In 1940 Ernie Pyle went to England to report on the Battle of Britain. In 1941 he began covering America's involvement in WWII, reporting on Allied operations in North Africa, Sicily, Italy, and France. Pyle's column during WWII reported on the life and sometimes death of the average soldier to the millions of the American home front. He had a simple, warm, human writing style. He was widely popular, especially during WWII.
Pyle's columns covered almost every branch of the service from quarter-master troops to pilots. He saved his highest praise for the common foot soldier, "I love the infantry because they are the underdogs. They are the mud-rain-frost-and-wind boys. They have no comforts and they even learn to live without necessities. And in the end they are the guys that wars can't be won without" (Wilson 66). His columns which eventually appeared in 200 newspapers did more than just inform. In 1944 Pyle proposed that combat soldiers be given "fight pay" similar to an airman's flight pay. In May of that year Congress acted on Pyle's suggestion and gave soldiers 50% extra pay for combat service. Also in 1944 Pyle was awarded Pulitzer Prize in reporting for his distinguished reports from the European battlefront.
Ernie Pyle showed his bravery through doing the job he did even though he hated war. After he died a column he wrote about his hatred for war was found in his pocket: The unnatural sight of cold dead men scattered over the hillsides and in the ditches along the high rows of hedge throughout the world. Dead men by mass production in one country after another. Month after month and year after year. Dead men in winter and dead men in summer. Dead men promiscuity that they become monotonous. Dead men in such monstrous infinity that you come to almost hate them.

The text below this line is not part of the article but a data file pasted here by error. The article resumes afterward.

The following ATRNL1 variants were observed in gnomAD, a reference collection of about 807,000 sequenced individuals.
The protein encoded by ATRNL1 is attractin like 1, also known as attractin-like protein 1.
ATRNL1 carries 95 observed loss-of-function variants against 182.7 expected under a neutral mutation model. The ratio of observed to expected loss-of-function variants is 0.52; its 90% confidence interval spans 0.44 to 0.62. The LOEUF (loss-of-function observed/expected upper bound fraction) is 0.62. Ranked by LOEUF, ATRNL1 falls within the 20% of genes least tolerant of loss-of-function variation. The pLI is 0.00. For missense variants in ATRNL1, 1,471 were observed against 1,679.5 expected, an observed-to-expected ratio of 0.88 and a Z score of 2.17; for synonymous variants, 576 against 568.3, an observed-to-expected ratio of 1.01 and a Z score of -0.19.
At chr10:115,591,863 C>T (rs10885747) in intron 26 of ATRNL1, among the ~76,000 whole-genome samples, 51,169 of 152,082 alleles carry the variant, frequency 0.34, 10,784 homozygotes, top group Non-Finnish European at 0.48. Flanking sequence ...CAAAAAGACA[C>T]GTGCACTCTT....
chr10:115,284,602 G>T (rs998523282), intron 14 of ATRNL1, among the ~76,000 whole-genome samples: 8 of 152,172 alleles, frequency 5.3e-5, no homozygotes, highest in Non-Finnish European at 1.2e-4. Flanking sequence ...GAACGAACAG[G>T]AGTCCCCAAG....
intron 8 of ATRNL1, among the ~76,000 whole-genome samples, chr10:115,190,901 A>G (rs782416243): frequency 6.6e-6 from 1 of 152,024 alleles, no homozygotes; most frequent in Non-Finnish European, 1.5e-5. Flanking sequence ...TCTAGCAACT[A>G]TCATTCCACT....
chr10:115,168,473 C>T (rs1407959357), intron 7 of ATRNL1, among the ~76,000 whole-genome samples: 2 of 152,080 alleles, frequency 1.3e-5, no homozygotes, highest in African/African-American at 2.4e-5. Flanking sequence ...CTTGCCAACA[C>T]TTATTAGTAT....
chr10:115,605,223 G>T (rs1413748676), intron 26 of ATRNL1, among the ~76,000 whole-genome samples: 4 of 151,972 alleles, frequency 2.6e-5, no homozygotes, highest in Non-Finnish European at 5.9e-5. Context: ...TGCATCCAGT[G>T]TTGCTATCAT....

In 1945 Pyle went to "the Pacific theater," his last assignment from "Scripps-Howard." One year after receiving the Pulitzer Prize he was killed by Japanese machine-gun fire. He died in Ie Shima, a small island west of Okinawa while traveling with a group of infantrymen.
When Pyle died his column was in 400 daily newspapers and 300 weekly newspapers. The soldiers paid tribute to him with a simple plaque reading, "At this spot, the 77th Infantry Division lost a buddy, Ernie Pyle, 18 April 1945." Since then Ernie Pyle's birthplace home was moved from it's rural site to its present location and became a state historic site in July, 1976.
Ernie Pyle was known by many people and his death during World War II was a shock. His bravery was shown and people around the world appreciated it.
Works Cited 1. Tobin, James. Ernie Pyle's War: America's Eyewitness To World War II. New York: The Free Press, 1997.
2. Whitman, Mark. "Ernie Pyle." Access Indiana Teaching and Learning Center. 1997. 5 March 2000 3. Wilson, Ellen. Ernie Pyle: Boy From Back Home. Indianapolis: The Bobbs-Merrill Company Inc., 1955.
Bibliography 1. "Ernie Pyle." Microsoft Encarta Encyclopedia 2000. CD-ROM. 2000 ed.
2. "Ernie Pyle State Historic Site." Indiana State Museum and Historic Sites. 2 March 2000 3. Tobin, James. Ernie Pyle's War: America's Eyewitness To World War II. New York: The Free Press, 1997.
4. Whitman, Mark. "Ernie Pyle." Access Indiana Teaching and Learning Center. 1997. 5 March 2000 5 Wilson, Ellen. Ernie Pyle: Boy From Back Home. Indianapolis